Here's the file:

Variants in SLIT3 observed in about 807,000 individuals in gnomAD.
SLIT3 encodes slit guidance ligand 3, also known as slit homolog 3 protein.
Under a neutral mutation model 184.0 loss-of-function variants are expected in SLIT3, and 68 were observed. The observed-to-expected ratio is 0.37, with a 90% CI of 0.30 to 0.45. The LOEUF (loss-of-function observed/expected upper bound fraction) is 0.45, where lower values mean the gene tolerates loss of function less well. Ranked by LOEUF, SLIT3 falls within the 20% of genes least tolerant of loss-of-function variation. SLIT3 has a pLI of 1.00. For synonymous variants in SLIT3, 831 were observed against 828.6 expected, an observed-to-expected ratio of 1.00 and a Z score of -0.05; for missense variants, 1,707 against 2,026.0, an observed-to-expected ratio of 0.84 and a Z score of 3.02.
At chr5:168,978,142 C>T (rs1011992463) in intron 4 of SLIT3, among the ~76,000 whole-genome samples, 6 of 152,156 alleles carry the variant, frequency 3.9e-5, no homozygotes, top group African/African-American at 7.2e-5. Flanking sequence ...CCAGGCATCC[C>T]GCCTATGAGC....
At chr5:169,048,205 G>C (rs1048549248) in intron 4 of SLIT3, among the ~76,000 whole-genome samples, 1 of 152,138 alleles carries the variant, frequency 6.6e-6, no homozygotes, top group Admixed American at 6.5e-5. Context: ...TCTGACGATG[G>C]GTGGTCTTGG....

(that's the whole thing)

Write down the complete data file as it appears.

Variants in SLIT3 observed in about 807,000 individuals in gnomAD.
SLIT3 encodes slit guidance ligand 3, also known as slit homolog 3 protein.
Under a neutral mutation model 184.0 loss-of-function variants are expected in SLIT3, and 68 were observed. The observed-to-expected ratio is 0.37, with a 90% CI of 0.30 to 0.45. The LOEUF (loss-of-function observed/expected upper bound fraction) is 0.45, where lower values mean the gene tolerates loss of function less well. Ranked by LOEUF, SLIT3 falls within the 20% of genes least tolerant of loss-of-function variation. SLIT3 has a pLI of 1.00. For synonymous variants in SLIT3, 831 were observed against 828.6 expected, an observed-to-expected ratio of 1.00 and a Z score of -0.05; for missense variants, 1,707 against 2,026.0, an observed-to-expected ratio of 0.84 and a Z score of 3.02.
At chr5:168,978,142 C>T (rs1011992463) in intron 4 of SLIT3, among the ~76,000 whole-genome samples, 6 of 152,156 alleles carry the variant, frequency 3.9e-5, no homozygotes, top group African/African-American at 7.2e-5. Flanking sequence ...CCAGGCATCC[C>T]GCCTATGAGC....
At chr5:169,048,205 G>C (rs1048549248) in intron 4 of SLIT3, among the ~76,000 whole-genome samples, 1 of 152,138 alleles carries the variant, frequency 6.6e-6, no homozygotes, top group Admixed American at 6.5e-5. Context: ...TCTGACGATG[G>C]GTGGTCTTGG....